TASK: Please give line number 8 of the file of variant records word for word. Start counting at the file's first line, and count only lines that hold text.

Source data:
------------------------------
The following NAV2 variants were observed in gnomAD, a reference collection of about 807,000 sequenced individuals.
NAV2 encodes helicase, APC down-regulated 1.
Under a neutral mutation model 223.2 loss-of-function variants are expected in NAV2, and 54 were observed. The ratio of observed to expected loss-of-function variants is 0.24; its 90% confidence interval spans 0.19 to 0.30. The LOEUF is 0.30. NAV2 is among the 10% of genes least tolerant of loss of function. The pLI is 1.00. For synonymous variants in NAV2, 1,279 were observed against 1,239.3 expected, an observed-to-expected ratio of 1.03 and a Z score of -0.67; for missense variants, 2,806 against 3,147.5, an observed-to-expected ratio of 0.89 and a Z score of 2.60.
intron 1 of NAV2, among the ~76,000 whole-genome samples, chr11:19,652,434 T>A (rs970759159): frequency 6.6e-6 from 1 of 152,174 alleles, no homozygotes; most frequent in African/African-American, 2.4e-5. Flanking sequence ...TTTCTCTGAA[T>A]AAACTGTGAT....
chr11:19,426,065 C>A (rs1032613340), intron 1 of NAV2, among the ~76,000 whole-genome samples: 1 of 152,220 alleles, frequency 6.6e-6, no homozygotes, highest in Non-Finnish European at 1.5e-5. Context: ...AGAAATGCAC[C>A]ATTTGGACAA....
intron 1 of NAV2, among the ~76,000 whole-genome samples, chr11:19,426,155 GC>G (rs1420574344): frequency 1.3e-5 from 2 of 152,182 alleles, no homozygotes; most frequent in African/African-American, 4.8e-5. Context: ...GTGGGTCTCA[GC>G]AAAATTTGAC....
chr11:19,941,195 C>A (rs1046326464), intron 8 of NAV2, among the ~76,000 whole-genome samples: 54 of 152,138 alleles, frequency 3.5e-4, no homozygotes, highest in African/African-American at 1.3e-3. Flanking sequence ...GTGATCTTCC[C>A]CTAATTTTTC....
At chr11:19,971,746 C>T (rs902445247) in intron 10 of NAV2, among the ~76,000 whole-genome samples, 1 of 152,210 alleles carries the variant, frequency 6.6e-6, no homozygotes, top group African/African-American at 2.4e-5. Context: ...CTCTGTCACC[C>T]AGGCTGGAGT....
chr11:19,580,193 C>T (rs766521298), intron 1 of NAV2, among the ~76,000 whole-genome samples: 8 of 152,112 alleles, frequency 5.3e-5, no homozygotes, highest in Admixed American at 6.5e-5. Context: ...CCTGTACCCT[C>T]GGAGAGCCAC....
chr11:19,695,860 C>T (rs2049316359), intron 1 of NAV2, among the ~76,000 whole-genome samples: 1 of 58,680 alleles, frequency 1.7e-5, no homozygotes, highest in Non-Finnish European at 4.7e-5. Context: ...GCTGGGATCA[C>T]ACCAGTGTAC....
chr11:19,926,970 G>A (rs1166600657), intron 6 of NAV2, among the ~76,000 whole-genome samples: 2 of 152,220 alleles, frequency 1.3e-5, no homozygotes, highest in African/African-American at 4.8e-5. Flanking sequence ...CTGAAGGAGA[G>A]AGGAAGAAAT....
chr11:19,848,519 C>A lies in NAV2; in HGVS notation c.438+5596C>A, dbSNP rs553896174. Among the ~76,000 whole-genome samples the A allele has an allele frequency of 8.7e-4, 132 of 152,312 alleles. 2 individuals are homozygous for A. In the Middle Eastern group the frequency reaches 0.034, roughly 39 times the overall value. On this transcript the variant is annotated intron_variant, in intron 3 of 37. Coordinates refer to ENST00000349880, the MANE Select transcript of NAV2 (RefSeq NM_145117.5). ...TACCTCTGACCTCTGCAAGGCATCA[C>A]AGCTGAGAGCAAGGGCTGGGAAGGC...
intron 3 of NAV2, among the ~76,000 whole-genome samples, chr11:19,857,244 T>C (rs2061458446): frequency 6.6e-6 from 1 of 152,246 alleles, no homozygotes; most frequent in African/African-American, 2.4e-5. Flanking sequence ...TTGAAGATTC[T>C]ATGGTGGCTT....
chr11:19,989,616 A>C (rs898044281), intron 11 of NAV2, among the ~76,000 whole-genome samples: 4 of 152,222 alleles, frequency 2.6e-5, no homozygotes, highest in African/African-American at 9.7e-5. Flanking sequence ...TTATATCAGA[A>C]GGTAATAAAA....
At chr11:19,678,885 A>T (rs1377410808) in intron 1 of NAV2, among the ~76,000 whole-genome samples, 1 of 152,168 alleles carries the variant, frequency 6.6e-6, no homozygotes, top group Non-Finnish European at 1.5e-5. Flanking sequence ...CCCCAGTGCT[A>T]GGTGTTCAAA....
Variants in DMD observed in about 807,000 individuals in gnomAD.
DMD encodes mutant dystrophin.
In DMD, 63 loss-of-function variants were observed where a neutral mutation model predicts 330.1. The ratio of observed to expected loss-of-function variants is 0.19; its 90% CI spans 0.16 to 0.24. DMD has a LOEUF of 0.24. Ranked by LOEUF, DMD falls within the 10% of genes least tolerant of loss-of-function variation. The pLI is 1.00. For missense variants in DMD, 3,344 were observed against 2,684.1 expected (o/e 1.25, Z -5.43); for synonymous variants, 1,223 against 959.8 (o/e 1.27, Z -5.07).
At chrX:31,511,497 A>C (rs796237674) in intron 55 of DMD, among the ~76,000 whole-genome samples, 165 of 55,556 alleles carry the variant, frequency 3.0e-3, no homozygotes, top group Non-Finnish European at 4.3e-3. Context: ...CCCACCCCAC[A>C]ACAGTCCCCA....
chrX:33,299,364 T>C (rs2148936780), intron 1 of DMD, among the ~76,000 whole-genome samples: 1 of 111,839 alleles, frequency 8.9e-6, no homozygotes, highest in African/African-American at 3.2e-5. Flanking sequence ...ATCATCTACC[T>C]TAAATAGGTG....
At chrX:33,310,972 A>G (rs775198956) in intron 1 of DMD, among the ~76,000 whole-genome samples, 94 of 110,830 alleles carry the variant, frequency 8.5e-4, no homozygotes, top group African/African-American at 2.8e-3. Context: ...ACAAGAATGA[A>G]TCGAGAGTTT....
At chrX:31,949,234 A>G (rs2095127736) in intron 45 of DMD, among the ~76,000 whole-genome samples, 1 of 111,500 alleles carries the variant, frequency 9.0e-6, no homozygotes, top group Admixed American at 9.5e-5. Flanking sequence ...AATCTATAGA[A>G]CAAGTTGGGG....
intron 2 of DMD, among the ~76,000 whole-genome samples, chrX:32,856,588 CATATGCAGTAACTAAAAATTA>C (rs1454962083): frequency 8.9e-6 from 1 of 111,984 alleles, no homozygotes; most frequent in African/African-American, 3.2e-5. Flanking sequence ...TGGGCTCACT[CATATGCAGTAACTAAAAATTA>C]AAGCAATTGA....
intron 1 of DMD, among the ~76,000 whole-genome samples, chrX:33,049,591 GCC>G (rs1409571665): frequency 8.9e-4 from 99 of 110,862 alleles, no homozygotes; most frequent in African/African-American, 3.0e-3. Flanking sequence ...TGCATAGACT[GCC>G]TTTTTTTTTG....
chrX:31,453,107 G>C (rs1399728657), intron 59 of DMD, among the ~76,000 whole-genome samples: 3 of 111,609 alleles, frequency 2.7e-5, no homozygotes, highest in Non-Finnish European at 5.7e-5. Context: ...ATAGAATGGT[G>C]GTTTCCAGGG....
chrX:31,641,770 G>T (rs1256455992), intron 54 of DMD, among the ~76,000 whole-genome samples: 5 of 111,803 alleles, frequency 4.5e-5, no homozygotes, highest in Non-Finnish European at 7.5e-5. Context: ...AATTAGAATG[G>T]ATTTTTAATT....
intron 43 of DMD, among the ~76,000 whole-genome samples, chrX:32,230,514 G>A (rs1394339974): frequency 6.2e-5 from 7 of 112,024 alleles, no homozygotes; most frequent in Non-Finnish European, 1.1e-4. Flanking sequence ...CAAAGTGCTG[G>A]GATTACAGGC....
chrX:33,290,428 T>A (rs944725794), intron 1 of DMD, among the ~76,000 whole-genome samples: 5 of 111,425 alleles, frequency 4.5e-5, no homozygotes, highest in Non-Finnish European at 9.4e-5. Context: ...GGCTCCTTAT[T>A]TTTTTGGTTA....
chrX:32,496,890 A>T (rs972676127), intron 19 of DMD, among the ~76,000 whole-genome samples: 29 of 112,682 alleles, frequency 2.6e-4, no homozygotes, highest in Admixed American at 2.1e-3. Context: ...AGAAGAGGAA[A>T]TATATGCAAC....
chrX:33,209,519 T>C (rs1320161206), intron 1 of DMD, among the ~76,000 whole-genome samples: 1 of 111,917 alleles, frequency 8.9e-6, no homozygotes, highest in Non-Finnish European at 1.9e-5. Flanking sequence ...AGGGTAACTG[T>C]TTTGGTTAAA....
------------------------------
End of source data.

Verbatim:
At chr11:19,971,746 C>T (rs902445247) in intron 10 of NAV2, among the ~76,000 whole-genome samples, 1 of 152,210 alleles carries the variant, frequency 6.6e-6, no homozygotes, top group African/African-American at 2.4e-5. Context: ...CTCTGTCACC[C>T]AGGCTGGAGT....